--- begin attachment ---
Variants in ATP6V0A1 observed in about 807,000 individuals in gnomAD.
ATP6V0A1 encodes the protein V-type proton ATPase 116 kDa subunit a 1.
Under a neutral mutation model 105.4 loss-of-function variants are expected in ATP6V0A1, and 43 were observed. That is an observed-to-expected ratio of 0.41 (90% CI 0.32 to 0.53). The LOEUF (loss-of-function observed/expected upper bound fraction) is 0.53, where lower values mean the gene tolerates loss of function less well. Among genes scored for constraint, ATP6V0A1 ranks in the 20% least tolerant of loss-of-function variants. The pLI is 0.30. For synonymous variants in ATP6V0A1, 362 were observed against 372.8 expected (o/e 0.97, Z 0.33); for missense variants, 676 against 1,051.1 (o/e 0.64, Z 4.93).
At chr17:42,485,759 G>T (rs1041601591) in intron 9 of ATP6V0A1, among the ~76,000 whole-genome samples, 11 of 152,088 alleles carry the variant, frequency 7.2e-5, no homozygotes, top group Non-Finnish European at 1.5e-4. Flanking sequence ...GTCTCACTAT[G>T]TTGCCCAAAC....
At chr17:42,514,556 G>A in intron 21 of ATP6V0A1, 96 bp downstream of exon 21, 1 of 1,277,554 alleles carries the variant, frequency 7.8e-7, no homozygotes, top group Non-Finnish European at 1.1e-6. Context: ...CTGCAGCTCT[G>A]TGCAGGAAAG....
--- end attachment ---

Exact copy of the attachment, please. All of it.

Variants in ATP6V0A1 observed in about 807,000 individuals in gnomAD.
ATP6V0A1 encodes the protein V-type proton ATPase 116 kDa subunit a 1.
Under a neutral mutation model 105.4 loss-of-function variants are expected in ATP6V0A1, and 43 were observed. That is an observed-to-expected ratio of 0.41 (90% CI 0.32 to 0.53). The LOEUF (loss-of-function observed/expected upper bound fraction) is 0.53, where lower values mean the gene tolerates loss of function less well. Among genes scored for constraint, ATP6V0A1 ranks in the 20% least tolerant of loss-of-function variants. The pLI is 0.30. For synonymous variants in ATP6V0A1, 362 were observed against 372.8 expected (o/e 0.97, Z 0.33); for missense variants, 676 against 1,051.1 (o/e 0.64, Z 4.93).
At chr17:42,485,759 G>T (rs1041601591) in intron 9 of ATP6V0A1, among the ~76,000 whole-genome samples, 11 of 152,088 alleles carry the variant, frequency 7.2e-5, no homozygotes, top group Non-Finnish European at 1.5e-4. Flanking sequence ...GTCTCACTAT[G>T]TTGCCCAAAC....
At chr17:42,514,556 G>A in intron 21 of ATP6V0A1, 96 bp downstream of exon 21, 1 of 1,277,554 alleles carries the variant, frequency 7.8e-7, no homozygotes, top group Non-Finnish European at 1.1e-6. Context: ...CTGCAGCTCT[G>A]TGCAGGAAAG....